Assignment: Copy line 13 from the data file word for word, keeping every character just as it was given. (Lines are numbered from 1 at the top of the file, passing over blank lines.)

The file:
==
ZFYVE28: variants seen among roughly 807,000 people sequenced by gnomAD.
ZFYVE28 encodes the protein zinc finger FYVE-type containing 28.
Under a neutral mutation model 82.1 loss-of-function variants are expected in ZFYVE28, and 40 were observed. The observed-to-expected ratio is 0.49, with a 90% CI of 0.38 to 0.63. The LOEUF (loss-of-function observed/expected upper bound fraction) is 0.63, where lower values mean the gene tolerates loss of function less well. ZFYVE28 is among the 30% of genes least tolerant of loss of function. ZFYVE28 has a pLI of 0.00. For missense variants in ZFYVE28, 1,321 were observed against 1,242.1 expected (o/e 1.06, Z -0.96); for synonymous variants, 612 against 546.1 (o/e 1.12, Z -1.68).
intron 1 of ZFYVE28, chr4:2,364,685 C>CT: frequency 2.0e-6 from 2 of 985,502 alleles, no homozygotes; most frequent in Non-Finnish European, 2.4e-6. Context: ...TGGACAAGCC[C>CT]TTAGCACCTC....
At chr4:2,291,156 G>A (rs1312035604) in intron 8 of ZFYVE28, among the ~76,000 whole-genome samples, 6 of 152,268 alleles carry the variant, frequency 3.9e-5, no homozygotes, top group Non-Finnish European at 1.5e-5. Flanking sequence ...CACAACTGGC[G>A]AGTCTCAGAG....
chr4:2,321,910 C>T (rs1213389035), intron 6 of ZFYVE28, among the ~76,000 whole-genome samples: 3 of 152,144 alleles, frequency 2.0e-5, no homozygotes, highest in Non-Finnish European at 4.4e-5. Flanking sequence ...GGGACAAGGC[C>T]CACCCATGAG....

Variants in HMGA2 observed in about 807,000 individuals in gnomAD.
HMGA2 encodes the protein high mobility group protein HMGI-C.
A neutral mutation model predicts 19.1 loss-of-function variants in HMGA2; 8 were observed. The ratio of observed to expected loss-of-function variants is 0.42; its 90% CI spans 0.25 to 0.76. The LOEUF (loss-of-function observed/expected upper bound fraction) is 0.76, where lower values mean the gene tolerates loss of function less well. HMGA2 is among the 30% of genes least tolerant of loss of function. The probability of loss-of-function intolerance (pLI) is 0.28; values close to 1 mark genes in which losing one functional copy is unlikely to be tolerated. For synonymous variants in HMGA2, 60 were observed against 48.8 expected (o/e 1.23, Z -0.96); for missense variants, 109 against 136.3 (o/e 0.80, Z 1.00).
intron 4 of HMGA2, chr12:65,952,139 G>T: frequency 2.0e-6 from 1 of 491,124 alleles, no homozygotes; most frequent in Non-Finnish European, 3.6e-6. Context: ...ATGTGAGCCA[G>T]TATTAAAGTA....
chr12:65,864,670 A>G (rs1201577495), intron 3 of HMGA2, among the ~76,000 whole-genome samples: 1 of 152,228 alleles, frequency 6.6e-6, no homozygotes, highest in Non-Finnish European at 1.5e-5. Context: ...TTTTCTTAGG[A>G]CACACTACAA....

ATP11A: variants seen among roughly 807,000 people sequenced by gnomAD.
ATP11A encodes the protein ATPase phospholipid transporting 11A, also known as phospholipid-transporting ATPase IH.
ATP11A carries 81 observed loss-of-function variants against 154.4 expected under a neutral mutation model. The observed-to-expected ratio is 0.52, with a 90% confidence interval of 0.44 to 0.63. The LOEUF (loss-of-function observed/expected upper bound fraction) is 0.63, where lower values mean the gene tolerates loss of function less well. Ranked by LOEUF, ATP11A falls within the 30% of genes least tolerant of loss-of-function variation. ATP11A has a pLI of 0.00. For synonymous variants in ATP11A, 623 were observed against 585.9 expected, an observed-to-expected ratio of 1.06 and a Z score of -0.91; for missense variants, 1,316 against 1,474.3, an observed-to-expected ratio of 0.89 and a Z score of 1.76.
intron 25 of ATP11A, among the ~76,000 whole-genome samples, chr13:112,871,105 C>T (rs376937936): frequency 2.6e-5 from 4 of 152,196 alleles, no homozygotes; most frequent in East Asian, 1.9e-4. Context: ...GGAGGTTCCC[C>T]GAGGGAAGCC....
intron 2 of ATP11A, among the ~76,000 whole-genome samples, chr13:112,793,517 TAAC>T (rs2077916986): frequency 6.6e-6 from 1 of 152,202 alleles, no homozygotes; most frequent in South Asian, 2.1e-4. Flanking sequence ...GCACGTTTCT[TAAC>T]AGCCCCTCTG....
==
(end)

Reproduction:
ATP11A encodes the protein ATPase phospholipid transporting 11A, also known as phospholipid-transporting ATPase IH.